FTSE 100 falls into the red as investors lament effect of Trump's travel ban
The FTSE 100 fell into the red on Monday as investors lamented the effect of Donald Trump's travel ban on global business.
London's blue chip index closed lower by 0.9% or 66.01 points at 7,118.48 points, mirroring a dip in European equities, where the French Cac 40 and German Dax both dropped 1.1%.
Sterling also lost ground, falling 0.6% against the US dollar to 1.247, and dropped 0.5% against the euro to 1.167.
Investors were abandoning stocks and fleeing to safe haven assets like gold, which rose nearly 0.4% to 1,196.35 US dollars per ounce (£958.16), after Mr Trump introduced a travel ban on seven Muslim-majority countries and refugees.
Michael Hewson, a chief market analyst at CMC Markets UK, said investors were waking up to the downside of what Mr Trump's presidency might mean for riskier assets.
"It's been a disappointing start to the week as we head towards the end of January, as investors digest the latest executive order from US President Donald Trump, which has prompted large scale sell-offs across the board for European stocks, as concerns rise that the US may become a much less predictable place to do business."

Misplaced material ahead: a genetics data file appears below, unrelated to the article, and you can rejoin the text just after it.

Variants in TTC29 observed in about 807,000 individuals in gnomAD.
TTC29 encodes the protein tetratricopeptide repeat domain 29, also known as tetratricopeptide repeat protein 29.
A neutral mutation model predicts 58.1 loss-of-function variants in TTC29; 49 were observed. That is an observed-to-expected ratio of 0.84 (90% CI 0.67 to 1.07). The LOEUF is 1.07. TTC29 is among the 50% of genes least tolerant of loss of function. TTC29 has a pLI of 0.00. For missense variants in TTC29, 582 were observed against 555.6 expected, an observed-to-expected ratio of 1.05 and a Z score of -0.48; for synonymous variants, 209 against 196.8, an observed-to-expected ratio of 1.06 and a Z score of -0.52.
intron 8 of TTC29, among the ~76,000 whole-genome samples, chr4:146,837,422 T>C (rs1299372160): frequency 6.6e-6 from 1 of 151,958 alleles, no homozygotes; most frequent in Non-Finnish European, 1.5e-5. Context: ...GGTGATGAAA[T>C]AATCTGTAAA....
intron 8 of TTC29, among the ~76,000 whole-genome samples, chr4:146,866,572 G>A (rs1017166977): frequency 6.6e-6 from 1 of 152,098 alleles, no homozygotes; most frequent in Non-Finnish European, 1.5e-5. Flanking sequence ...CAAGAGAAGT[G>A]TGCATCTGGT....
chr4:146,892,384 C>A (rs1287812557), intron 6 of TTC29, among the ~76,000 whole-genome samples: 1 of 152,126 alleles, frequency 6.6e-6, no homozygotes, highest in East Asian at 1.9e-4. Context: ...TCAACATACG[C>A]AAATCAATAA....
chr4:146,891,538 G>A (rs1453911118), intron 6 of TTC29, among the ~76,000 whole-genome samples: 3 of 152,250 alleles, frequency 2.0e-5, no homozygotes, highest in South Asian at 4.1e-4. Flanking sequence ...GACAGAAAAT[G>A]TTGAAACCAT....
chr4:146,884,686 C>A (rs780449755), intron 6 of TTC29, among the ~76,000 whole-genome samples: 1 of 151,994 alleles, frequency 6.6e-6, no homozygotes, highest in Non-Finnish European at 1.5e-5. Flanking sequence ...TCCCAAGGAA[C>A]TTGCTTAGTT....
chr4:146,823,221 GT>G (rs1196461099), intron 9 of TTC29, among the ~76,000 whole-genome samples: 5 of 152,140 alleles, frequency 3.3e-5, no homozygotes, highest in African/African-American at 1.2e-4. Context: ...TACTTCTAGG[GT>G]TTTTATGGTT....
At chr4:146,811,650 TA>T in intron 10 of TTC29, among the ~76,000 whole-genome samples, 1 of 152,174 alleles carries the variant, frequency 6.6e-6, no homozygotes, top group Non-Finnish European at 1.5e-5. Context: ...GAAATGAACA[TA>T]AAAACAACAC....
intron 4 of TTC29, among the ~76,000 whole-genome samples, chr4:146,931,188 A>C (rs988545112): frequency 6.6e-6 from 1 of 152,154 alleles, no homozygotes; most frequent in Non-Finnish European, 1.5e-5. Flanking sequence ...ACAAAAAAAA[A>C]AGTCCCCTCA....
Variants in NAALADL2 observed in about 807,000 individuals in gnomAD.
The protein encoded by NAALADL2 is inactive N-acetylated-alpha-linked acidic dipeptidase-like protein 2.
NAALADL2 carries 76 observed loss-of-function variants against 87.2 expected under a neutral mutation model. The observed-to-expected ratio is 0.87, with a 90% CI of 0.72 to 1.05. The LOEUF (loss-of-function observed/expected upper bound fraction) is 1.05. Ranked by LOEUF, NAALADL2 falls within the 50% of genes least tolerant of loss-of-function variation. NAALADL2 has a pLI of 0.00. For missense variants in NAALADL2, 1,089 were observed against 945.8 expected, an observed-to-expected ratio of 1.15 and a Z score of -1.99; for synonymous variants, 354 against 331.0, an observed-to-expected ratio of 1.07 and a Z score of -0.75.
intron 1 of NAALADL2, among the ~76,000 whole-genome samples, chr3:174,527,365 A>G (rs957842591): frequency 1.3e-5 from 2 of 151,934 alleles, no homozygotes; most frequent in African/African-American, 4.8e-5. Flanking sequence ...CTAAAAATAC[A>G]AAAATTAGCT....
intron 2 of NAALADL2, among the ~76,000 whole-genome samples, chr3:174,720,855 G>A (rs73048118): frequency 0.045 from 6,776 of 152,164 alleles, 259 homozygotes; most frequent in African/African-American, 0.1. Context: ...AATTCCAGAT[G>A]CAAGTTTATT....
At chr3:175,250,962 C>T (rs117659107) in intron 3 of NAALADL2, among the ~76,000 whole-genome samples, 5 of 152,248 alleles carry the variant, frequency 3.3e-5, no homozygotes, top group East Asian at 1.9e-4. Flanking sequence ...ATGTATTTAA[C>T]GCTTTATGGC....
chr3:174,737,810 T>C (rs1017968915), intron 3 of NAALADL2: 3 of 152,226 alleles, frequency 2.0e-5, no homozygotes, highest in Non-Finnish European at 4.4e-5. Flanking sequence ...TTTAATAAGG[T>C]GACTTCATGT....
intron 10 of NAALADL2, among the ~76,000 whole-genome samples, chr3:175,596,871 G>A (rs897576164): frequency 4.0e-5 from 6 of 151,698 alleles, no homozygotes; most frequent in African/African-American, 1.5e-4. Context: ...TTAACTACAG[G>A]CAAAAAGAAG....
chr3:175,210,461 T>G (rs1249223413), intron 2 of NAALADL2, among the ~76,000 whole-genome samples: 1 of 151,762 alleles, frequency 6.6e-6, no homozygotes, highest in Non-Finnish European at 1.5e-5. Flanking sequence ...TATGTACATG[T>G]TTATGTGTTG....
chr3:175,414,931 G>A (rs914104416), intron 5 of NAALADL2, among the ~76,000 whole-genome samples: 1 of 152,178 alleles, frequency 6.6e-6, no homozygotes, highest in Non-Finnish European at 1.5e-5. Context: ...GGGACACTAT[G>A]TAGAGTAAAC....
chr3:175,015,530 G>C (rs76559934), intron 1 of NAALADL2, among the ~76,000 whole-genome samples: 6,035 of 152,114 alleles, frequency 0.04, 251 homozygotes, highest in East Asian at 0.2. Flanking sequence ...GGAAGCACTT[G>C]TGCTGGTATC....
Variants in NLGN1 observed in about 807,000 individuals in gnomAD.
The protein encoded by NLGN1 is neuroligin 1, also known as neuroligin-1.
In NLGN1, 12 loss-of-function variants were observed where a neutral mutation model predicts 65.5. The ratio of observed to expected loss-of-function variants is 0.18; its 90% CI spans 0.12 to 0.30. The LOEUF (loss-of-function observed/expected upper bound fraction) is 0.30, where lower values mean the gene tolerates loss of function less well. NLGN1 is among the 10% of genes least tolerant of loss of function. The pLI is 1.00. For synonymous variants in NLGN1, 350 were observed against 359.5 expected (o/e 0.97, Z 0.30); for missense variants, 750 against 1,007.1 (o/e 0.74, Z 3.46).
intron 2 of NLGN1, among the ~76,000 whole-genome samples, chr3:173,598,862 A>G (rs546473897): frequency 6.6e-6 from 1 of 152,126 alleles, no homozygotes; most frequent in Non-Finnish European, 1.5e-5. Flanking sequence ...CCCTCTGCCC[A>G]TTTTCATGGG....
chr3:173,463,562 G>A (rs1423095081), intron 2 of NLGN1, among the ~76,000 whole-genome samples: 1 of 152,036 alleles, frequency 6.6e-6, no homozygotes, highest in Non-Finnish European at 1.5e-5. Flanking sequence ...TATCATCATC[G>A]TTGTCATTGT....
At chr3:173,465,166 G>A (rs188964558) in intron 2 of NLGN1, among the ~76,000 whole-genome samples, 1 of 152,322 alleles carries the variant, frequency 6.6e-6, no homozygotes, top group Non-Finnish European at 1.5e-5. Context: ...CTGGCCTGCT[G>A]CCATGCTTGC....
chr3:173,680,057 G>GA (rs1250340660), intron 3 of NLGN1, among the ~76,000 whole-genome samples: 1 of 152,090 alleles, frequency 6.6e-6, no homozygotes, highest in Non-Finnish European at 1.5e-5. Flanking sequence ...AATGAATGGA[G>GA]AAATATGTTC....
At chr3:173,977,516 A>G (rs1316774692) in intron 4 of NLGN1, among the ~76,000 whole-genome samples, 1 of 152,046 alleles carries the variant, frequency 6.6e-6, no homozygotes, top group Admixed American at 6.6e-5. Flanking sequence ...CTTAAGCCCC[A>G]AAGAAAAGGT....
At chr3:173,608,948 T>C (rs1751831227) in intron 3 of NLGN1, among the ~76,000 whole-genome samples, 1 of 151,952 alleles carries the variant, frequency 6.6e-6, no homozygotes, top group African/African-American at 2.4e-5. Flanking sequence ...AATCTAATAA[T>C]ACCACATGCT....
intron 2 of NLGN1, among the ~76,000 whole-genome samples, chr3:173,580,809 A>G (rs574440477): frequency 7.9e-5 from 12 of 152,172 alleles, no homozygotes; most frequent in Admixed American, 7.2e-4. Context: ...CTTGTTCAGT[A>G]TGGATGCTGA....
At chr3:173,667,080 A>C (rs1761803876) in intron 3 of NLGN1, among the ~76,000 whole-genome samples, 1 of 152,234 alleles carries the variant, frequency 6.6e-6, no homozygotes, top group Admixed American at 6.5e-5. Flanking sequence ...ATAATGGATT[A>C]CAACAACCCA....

In oil markets, Brent crude fell 0.3% to 55.30 US dollars per barrel (£44.33) after Baker Hughes data showed that the US rig count rose by 18 last week, raising fears that stateside output could counteract global supply cuts meant to buoy prices.
In UK stocks, Vodafone shares rose 2.6p to 195.95p after the company confirmed that its I ndian unit is in discussions to merge with Idea Cellular in a deal that would create the Asian country's biggest telecoms firm.
In an unscheduled announcement, the telecoms giant said talks are under way with Idea's owner, the Indian conglomerate Aditya Birla Group, about an all-share merger.
Lloyds Banking Group shares fell 0.96p to 64.91p as the Government announced it had reduced its stake in the bank by around 1%.
It means the taxpayer's stake in the bank now stands at 4.99%, with more than £18.5 billion being returned to Government coffers since the lender's £20.3 billion bailout.
Shares in Bargain Booze owner Conviviality fell 1p to 259p despite reporting a 211% jump in sales to £782.5 million in the 26 weeks to October 30, helping to swing the firm back into profit.
The group's performance was boosted by the £200 million acquisition of drinks supplier Matthew Clark, pop-up bar firm Peppermint and wine wholesaler Bibendum.
The biggest risers on the FTSE 100 were DCC up 130p to 6,320p, Paddy Power up 140p to 8,245p, Vodafone Group up 2.6p to 195.95p, and Pearson up 8p to 615p.
The biggest fallers on the FTSE 100 were Tesco down 8.75p to 197.8p, Rolls-Royce Holdings down 26p to 660p, Old Mutual down 7.3p to 205.9p, and Barclays down 7.2p to 223.4p.